I opened my mouth to ask why she never told me, but then closed it because I knew the answer. Secret agents were exactly that, secret, and if she would’ve told me when I was younger I probably would’ve blabbed it to everyone. I nodded and looked down, not knowing what to say.
“I know it’s hard Rylee, but we couldn’t tell you until it was time for you to start. It’s a rule everyone has to follow.” he said, his voice sympathetic.
“I just, I don’t know. It’s just hard for me to, kind of, understand it.” I said, glancing between the table and their faces. A minute ago I had almost believed them, but then my common sense and reality kicked in, saying I was being stupid for believing this and wondering why they wanted me to believe this so bad.
“Or believe it.” he said, looking at me knowingly. I sunk a little in my seat and gave an apologetic and kind of embarrassed frown. I felt bad for not believing them, and the truth was, I really wanted to. How cool would it be to have a spy mom? And how cool would it be if I went to the school where she learned her spy skills along with tons of other spies-in-training? It would be really cool, but my mind wouldn’t allow me to believe what it kept stating as fantasy. My mind said there was no such thing as spy schools, and there was no way a spy would be a teenager because they were too young.
“I’m sorry.” I said, but he held up his hand almost immediately.
“Don’t apologize, I understand. How can you believe us when you have no proof that any of this is real, right? Well, you’re a smart girl, and so we’ll prove it to you.” he said, and an eager and happy smile lit up his face in anticipation of something.
“How?” I asked, “Are you going to take me to the school?”
“Heavens, no. It would take hours to get there.” he said, getting up from his stool. “We’re going to show you your school supplies.” He smiled once more before he and Mom both disappeared down the hall leading to their bedroom.
I sat there for a second, wondering what to do, and then decided to go ahead and eat breakfast because I was suddenly starved. Talking about all that had completely taken me by surprise. So I got some eggs, two blueberry pancakes with butter and syrup, and reseated myself at the island.
They were gone for a few more minutes, and then Mom reappeared holding a pair of black tennis shoes and my uniform on a hanger. “Ooh, pretty.” I said, taking the hanger and looking the uniform up and down appreciatively. It had a pleated red plaid skirt that looked a little above the knee, and a white short-sleeve shirt underneath a red sweater vest. Altogether it looked very flattering, which also made it much more bearable to wear every day. I touched the material and noted that it wasn’t even close to being the cheap kind.
Mom noticed this and said, “Atlas only uses the best materials for its students. Not to mention, they have more clothing options in the catalog.”
“They have a catalog?” I asked, surprised. I’d never heard of any school having their own catalog.This school must be very high up.I thought, and that made me even more curious about what lay ahead of me at Atlas.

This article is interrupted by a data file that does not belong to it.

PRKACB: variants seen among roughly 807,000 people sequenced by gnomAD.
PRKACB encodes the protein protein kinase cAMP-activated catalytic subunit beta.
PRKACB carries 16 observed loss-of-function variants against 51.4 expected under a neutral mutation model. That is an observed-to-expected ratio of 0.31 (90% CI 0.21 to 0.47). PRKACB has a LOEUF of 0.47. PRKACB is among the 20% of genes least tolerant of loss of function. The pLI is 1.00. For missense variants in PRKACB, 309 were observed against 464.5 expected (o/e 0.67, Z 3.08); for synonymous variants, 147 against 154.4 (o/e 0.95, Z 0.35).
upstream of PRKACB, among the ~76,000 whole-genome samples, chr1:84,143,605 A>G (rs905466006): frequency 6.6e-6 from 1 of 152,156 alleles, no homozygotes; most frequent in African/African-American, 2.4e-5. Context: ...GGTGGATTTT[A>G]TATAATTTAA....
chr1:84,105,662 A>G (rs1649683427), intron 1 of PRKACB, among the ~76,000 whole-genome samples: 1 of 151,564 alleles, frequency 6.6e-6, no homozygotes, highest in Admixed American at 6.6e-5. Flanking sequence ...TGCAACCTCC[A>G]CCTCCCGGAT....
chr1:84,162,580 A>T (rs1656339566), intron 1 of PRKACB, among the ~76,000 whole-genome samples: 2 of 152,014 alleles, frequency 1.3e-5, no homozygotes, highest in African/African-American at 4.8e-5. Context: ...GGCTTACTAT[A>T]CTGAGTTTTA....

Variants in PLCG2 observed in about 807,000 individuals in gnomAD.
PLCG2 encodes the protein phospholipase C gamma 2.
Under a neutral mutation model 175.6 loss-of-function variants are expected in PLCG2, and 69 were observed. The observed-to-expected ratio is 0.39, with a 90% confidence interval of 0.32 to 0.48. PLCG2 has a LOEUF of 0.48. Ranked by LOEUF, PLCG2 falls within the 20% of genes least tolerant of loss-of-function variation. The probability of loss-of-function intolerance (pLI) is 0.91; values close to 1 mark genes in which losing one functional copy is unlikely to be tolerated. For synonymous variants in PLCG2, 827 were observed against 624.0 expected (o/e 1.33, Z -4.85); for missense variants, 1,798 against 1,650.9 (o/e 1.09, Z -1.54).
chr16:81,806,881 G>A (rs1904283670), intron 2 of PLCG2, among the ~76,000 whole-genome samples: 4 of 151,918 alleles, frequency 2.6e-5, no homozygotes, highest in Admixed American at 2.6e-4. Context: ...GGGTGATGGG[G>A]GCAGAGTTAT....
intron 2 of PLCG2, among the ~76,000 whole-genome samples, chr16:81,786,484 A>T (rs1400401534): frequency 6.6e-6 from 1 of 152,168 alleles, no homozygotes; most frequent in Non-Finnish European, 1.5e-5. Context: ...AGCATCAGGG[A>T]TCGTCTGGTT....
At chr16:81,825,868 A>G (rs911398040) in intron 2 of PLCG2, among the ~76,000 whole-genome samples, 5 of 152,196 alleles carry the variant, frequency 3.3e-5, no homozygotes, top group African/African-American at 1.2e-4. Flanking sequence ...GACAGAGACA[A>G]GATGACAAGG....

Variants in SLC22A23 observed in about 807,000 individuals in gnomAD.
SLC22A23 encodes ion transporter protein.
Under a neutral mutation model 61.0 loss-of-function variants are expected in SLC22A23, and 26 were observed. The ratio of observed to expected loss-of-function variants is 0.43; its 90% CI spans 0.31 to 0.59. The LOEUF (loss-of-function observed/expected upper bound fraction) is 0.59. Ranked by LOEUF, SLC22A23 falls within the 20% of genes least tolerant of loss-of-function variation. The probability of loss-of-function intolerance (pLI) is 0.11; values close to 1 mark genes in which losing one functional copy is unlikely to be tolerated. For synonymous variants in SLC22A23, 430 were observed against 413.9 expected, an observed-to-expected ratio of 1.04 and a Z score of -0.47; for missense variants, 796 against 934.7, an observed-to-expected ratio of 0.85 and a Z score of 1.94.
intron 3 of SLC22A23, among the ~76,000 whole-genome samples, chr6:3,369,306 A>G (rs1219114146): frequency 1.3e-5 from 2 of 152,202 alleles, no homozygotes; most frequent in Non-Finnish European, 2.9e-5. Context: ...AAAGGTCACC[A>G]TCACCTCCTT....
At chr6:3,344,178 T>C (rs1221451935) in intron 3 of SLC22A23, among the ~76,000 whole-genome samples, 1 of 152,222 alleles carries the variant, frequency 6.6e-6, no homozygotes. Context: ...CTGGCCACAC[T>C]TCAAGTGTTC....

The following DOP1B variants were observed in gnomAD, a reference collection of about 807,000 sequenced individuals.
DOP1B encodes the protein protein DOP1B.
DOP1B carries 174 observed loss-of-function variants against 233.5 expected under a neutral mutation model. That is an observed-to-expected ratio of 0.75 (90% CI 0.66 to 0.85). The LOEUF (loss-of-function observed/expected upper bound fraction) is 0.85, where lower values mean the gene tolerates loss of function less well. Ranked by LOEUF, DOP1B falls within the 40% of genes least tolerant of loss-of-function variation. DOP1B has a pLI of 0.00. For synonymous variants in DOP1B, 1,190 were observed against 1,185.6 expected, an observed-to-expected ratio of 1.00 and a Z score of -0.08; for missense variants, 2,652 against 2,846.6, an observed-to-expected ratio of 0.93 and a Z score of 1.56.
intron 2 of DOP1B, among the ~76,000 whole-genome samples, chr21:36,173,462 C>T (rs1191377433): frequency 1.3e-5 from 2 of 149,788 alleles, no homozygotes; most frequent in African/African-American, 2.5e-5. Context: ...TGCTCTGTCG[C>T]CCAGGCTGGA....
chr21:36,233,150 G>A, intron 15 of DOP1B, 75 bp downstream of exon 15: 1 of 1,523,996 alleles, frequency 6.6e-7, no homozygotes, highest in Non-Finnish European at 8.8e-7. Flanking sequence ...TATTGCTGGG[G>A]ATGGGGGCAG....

“And a store on campus. I’ll give you the catalog after this and give you some money for the store campus before you go, but you need to pack some ‘civilian’ clothes too because you’re allowed to wear that on weekends and after school hours.” she said and I nodded as she disappeared again, only for Dad to reappear carrying a pile of books.
“What are these?” I asked as I put my plate on the counter and he laid them out on the island. I picked up one of the books closest to me and it read ‘Things the World Doesn’t Want You to Know: Conspiracy Theories Uncovered’. I cocked an eyebrow suspiciously and thought,Weird.
“These are your schoolbooks.” he said, looking at all of them with a look of reminiscence in his eyes.
“And notebooks, pens, and pencils.” Mom added as she came back into the kitchen, holding one notebook for each book and a pencil bag with both pens, pencils, and other school items.
“But I already have those.” I said as she moved one of the books and set her load down in its place.
“Not these.” she said, glancing at me with excitement and eagerness in her eyes. I gave her a confused look and she smiled and said, “These are made especially for Atlas use. Here, write something.” Then she opened one of the notebooks, got a pen, and handed them to me. I looked at them for a minute, both of them nodding encouragingly, and then wrote my name on it.
It was in blue ink, but I didn’t see anything special about it. It was just my name. I looked at them in confusion and said, “What’s supposed to happen?”
“What did you write?” she asked, glancing between the paper and me.
“My name, you can see it right here.” I said, pointing to the paper with the pen, but she shook her head, still smiling.
“But I can’t.” she said, “Watch your name.” Then she took the notebook from me and I gasped. As soon as she even touched it, my name disappeared.
“What happened?” I asked, my eyes wide.
“This paper was specially made with little microchips in it that are programmed to only show what’s written on it when you’re touching it. Each notebook is programmed for a certain person, and if you want to let someone else be able to read it, just write their name on the back of the cover and they’ll be able to see it. You’ll have to write all your teacher’s names for the notebooks in their subjects.” said Dad, looking absolutely delighted that I was seeing the proof of what they were talking about.
“This technology is actually pretty new. They didn’t have that when we attended.” Mom added.
“What about the pencils? Do they do the same thing?” I asked and they nodded. I looked at everything that was spread out over the island and found myself actually starting to believe that this might actually be true. There was too much evidence to be denied.
“Oh, wait. There’s something else you need.” Mom said suddenly and disappeared back down the hall.